A Primer on Drug and Alcohol Assessments

A Primer on Drug and Alcohol Assessments

| |  Substance Abuse Counseling / Drug Counseling

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Someday, you might find yourself in a rough patch involving substance use. If you run into substance-related trouble that affects your work, school, or personal life, drug and alcohol assessments can help provide insight into your situation, allowing you to move forward to greener pastures. Let's take a look at how these personal health evaluations work.

Why Get Assessed?

Typically, these examinations are requested by your physician, lawyer, or loved one. If you've violated an institutional substance policy or broken a substance law, an assessment may be required by your employer, school, or court order. These requests usually follow an incident, accident, legal charge, or change in behavior that has prompted someone to express concerns about your drug or alcohol use.

Where Do I Get Assessed?

Many clinics, counseling centers, and legal offices offer drug and alcohol assessments. If you are in legal trouble, your attorney may be a licensed assessor and may recommend an evaluation to aid the defense process. Usually, you can sign up for an evaluation confidentially online, where you can begin to fill out preliminary questionnaires. These examinations usually cost about $150.

How Do Assessments Work?

Once you've set up an appointment, you'll be asked to fill out preliminary questionnaires about past substance use, and you'll undergo a screening for symptoms of anxiety and depression. These will be reviewed before a face-to-face interview with a professional evaluator.

Your interview will last from 1 1/2 to 2 hours. These interviews are designed to create a detailed picture of your substance use and its effects. You'll be asked about the kinds of substances you currently use, the amount and frequency with which you use them, the reasons you use them, and the impact they have had on your life. Your evaluator will also ask about your life situation and environment, your history of substance use, any drug or alcohol treatments you've received, and your medical history and mental health.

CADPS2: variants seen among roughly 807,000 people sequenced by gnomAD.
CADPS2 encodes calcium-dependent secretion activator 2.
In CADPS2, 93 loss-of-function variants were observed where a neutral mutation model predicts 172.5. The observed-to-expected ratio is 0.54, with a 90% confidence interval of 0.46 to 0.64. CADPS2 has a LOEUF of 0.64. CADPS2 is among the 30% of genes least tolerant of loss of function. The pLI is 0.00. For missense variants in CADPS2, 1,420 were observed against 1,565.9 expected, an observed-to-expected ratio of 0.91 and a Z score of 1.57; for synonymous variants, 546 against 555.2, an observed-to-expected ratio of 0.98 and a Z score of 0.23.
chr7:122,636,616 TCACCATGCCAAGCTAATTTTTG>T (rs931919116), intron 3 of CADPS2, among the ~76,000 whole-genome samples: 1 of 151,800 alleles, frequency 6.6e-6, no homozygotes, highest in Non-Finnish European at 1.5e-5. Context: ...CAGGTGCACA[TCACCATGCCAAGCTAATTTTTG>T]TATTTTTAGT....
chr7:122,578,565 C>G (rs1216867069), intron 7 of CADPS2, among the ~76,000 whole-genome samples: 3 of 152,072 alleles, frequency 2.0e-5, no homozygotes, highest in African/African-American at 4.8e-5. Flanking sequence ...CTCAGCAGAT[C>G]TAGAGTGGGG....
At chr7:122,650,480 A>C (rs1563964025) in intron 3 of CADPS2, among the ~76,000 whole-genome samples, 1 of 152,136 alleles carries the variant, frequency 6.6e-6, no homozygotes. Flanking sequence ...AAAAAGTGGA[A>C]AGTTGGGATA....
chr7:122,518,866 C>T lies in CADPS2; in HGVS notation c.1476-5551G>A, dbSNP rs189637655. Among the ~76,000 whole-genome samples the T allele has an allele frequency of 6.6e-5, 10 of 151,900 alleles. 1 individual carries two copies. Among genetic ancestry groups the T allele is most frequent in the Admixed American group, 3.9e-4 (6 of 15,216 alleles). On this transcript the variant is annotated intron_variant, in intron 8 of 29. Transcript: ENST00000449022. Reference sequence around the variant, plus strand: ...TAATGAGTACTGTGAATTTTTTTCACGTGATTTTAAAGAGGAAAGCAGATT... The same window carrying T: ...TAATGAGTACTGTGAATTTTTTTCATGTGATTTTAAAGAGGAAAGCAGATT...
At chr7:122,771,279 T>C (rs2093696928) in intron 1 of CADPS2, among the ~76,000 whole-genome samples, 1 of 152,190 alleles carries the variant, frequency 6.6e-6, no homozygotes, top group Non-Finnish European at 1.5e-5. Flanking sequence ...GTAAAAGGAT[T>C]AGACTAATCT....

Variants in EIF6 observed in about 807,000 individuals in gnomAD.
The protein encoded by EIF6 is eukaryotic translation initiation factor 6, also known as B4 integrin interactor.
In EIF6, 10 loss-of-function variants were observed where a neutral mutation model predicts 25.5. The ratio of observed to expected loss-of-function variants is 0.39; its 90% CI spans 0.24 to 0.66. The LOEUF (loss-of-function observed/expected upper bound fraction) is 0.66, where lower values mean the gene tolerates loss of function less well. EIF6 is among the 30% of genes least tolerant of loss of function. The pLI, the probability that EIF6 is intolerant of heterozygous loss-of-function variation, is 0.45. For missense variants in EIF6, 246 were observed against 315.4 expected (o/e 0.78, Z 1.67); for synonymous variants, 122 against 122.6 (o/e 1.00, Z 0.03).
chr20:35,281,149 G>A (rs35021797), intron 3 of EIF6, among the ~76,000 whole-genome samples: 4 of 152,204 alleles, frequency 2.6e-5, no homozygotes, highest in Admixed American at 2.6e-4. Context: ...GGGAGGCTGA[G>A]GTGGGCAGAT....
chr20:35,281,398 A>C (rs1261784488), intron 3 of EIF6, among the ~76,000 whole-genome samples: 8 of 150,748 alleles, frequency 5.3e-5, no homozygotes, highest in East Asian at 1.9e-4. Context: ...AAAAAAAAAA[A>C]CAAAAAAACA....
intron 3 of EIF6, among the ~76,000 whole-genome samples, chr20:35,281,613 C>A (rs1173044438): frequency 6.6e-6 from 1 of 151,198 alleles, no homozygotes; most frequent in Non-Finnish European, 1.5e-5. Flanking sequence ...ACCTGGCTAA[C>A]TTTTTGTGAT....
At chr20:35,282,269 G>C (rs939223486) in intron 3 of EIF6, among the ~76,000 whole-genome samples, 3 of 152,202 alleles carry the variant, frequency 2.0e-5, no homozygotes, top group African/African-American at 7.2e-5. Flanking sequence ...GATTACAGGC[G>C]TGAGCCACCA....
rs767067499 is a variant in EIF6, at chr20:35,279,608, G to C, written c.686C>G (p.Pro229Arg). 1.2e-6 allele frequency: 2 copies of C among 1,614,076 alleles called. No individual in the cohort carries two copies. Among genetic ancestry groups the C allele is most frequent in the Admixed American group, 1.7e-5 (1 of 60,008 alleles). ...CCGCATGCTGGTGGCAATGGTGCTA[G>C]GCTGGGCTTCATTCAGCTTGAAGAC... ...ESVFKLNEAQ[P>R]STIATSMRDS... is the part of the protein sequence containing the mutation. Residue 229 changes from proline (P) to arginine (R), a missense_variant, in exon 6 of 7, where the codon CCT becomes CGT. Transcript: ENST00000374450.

What Are The Results, and What Do They Mean?

Based on your interview, your evaluator will recommend treatments or lifestyle changes for you going forward. Depending on your observed condition, he or she may suggest alcohol or drug education classes, outpatient or residential chemical dependency treatment, medical management, and/or counseling. The goal is to steer you toward the best, most efficient means of healing yourself.

Are you required to follow the suggestions you're given? No. They're only suggestions. Though a court of law, school, or employer may eventually take a harder line and require you to pursue these recommendations, the assessor puts the ball in your court: the decision to seek help ultimately depends on you, your finances, and your circumstances. Drug and alcohol assessments are simply there to give you a more accurate road map toward healing.

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